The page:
Synlogic, a Cambridge-based biotech company built primarily on technology from the laboratories of Jim Collins and Tim Lu from Massachusetts Institute of Technology, is well on its way to helping create such an approach. The company has the technology to bioengineer bacteria — specifically, Escherichia coli –– as cancer therapeutics. CSO Paul Miller says that they have considered using bioengineered E. coli to modulate the immune system in the tumor microenvironment, and they are looking at factors to enhance or suppress the immune system. “We have been able to produce [secreted molecules] that operate in either direction,” he says.
Referencing an important drawback to current CAR-T approaches — the inability to use them for solid tumors such as colorectal and pancreatic tumors — Synlogic’s interim president and CEO Aoife Brennan says such cancers are “large opportunities for bacterial-based treatments. [Engineered] bacteria can remain and execute their function for up to two weeks. They can set up long term memory and spread to uninjected tumors as well.”
Synlogic’s bioengineering technology relies on bacterial metabolism, which is versatile and easily modified genetically, especially in E. coli. Targeting bacterial metabolism is an especially promising approach because bacteria, which can be thought of as microscopic bioreactors, don’t care where their substrate comes from — they’ll eat it anyway. Take, for example, IDO inhibitors (also known as checkpoint inhibitors), which inhibit the production of kyurenenin — a metabolite that helps cancer cells evade the immune system. IDO inhibitors have mixed results, likely due to differences in kyurenin upstream targets. Bacteria, on the other hand, simply “eat” kynurenine, no matter which enzyme(s) helped make it.
As with CAR-T therapy, bioengineered bacteria face their own set of challenges. While they are adept at producing small molecules and amino acids, they sometimes struggle with foreign protein production and secretion. And, bacteria interact with thousands of other bacterial, as well as human, cells in the human body. A bioengineered bacterial cell’s function may be completely different in the petri dish than in a living, breathing human full of other microbial cells and metabolites. Brennan reminds us that, “Bacteria are ‘living medicines.’ So metabolic activity will change depending on carbon availability.”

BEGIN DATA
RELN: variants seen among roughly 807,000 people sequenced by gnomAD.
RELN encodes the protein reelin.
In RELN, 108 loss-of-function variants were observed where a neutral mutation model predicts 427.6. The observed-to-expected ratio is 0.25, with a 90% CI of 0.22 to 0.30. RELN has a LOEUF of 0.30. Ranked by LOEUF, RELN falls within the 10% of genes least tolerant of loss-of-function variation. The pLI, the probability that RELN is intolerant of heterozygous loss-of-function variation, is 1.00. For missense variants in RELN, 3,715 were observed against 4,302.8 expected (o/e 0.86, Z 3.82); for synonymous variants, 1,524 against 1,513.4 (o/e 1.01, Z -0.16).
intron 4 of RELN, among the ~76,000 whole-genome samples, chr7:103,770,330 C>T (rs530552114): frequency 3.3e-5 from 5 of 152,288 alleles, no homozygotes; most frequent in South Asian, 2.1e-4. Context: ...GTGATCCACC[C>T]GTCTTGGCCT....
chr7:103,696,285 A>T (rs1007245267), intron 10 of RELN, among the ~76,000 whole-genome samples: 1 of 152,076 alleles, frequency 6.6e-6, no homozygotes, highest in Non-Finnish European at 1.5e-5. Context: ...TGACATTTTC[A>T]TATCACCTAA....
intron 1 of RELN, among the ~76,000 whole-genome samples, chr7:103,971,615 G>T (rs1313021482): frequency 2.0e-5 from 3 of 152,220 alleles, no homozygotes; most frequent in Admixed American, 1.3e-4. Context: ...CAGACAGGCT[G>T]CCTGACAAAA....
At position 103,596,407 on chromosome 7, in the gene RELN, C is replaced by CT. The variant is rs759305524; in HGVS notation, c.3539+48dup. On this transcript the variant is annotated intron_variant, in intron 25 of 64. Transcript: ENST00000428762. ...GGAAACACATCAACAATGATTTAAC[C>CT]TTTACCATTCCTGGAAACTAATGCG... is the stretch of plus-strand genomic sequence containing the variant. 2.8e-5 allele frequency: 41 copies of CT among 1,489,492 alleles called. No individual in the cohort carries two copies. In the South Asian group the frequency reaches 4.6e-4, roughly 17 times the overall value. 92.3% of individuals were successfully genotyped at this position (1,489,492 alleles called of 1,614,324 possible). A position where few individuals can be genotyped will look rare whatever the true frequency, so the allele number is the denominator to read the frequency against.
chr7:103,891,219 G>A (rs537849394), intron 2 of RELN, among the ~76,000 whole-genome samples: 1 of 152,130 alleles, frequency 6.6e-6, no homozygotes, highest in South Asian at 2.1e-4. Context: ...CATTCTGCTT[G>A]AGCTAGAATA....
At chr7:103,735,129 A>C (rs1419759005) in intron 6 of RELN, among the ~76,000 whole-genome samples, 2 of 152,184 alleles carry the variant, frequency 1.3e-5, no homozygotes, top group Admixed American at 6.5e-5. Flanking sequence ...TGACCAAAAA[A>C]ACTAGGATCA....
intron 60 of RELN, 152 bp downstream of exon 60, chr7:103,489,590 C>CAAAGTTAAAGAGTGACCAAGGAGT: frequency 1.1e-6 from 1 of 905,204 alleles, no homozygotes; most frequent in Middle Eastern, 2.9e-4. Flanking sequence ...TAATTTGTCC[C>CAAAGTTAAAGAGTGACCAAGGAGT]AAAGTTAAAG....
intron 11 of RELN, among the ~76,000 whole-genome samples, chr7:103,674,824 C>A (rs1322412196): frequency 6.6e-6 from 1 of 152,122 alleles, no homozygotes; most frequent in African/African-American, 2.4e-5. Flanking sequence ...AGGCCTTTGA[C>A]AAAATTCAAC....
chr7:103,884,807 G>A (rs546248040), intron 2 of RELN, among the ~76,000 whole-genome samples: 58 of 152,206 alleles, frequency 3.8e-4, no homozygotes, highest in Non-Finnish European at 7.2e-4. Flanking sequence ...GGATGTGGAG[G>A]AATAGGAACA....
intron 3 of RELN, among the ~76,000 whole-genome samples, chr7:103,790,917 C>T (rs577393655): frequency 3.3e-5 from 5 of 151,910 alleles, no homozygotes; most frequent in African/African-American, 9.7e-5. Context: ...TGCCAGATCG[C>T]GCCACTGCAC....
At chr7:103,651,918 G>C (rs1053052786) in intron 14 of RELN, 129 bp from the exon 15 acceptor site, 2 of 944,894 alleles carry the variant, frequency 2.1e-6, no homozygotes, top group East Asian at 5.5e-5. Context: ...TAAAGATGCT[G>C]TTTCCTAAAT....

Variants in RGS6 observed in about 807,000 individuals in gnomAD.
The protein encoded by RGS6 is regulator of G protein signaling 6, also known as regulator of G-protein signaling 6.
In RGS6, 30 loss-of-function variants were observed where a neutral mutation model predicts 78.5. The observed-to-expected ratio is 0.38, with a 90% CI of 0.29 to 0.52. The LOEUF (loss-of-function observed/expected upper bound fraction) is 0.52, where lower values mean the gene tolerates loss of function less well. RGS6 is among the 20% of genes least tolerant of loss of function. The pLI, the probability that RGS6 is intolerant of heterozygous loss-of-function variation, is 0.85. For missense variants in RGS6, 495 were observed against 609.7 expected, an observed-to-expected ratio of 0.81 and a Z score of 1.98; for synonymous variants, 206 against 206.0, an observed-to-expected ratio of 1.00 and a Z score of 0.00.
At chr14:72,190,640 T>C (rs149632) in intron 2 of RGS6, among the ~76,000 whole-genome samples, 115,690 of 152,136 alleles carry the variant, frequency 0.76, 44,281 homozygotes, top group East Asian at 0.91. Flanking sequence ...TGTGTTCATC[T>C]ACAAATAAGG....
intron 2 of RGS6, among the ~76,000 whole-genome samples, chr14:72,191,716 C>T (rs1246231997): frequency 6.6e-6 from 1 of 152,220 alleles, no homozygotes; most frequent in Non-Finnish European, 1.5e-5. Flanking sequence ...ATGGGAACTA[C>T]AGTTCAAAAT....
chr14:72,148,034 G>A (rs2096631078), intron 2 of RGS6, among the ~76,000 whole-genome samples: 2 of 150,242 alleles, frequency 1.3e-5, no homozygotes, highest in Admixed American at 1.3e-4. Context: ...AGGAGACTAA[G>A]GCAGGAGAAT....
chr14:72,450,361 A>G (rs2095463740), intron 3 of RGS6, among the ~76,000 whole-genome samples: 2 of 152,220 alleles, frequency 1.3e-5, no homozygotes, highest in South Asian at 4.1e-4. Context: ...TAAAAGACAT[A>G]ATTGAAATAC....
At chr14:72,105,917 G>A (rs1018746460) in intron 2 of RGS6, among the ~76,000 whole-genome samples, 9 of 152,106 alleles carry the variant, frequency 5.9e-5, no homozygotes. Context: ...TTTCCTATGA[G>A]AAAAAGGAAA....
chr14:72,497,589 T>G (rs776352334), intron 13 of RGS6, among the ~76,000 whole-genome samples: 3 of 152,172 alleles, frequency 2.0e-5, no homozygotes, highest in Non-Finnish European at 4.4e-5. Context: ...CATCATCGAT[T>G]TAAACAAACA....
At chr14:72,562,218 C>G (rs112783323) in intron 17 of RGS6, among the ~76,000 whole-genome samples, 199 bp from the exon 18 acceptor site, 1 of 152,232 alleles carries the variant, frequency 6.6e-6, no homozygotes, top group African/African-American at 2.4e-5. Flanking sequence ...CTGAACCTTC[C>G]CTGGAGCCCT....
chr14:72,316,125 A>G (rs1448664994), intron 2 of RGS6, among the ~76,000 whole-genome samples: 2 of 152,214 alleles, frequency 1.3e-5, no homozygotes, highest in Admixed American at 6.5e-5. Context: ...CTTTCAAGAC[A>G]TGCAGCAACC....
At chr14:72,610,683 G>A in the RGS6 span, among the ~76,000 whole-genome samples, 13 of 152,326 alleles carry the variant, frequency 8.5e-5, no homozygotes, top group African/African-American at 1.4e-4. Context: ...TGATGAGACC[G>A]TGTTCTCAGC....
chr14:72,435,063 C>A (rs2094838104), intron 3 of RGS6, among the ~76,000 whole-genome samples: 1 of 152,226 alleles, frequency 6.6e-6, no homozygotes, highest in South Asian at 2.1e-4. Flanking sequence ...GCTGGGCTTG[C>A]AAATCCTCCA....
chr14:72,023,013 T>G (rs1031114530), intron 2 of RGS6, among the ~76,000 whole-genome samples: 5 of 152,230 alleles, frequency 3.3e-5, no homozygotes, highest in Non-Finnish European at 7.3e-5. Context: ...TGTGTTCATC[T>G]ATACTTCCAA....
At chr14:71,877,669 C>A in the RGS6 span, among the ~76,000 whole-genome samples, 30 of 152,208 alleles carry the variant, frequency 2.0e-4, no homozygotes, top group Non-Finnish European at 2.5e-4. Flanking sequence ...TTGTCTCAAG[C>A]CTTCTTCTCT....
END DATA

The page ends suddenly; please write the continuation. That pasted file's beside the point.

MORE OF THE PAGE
But cancer therapeutics is not Synlogic’s major focus. The accumulation of toxic levels of metabolites lies at the heart of many human diseases and disorders; targeting these toxic build-ups with engineered bacteria could target diseases at their core. Synlogic has developed their technology to be widely applicable, and the company’s patent lists over 100 diseases and disorders that could be targeted by their “engineered probiotics” in the future. They have partnered with Ginkgo Bioworks — combining their own drug producing ability with Ginkgo’s platform technology — to rapidly investigate a wide variety of approaches. Most studies to date have been done in rodent models, but current phase I trials are ongoing in patients with phenylketonuria (PKU).
Living medicines are poised to change how we treat myriad diseases, not just cancer. With the advent of synthetic biology, we are now able to take systems that have existed within our own bodies since the beginning of time and modify them, turning them into fine-tuned, optimized, disease fighting machines.
Just a few decades ago, scientific advancements such as CRISPR would have sounded akin to science fiction. But the reality is that technologies are growing at such a pace these futuristic ideas could be reality sooner than we think. Science fiction is becoming not only a reality, but an integral part of the future of medicine.
This story is brought to you by Ginkgo Bioworks, a company developing new organisms that replace technology with biology, and Twist Bioscience, a company making DNA for medicine, agriculture, industrial chemicals and data storage.0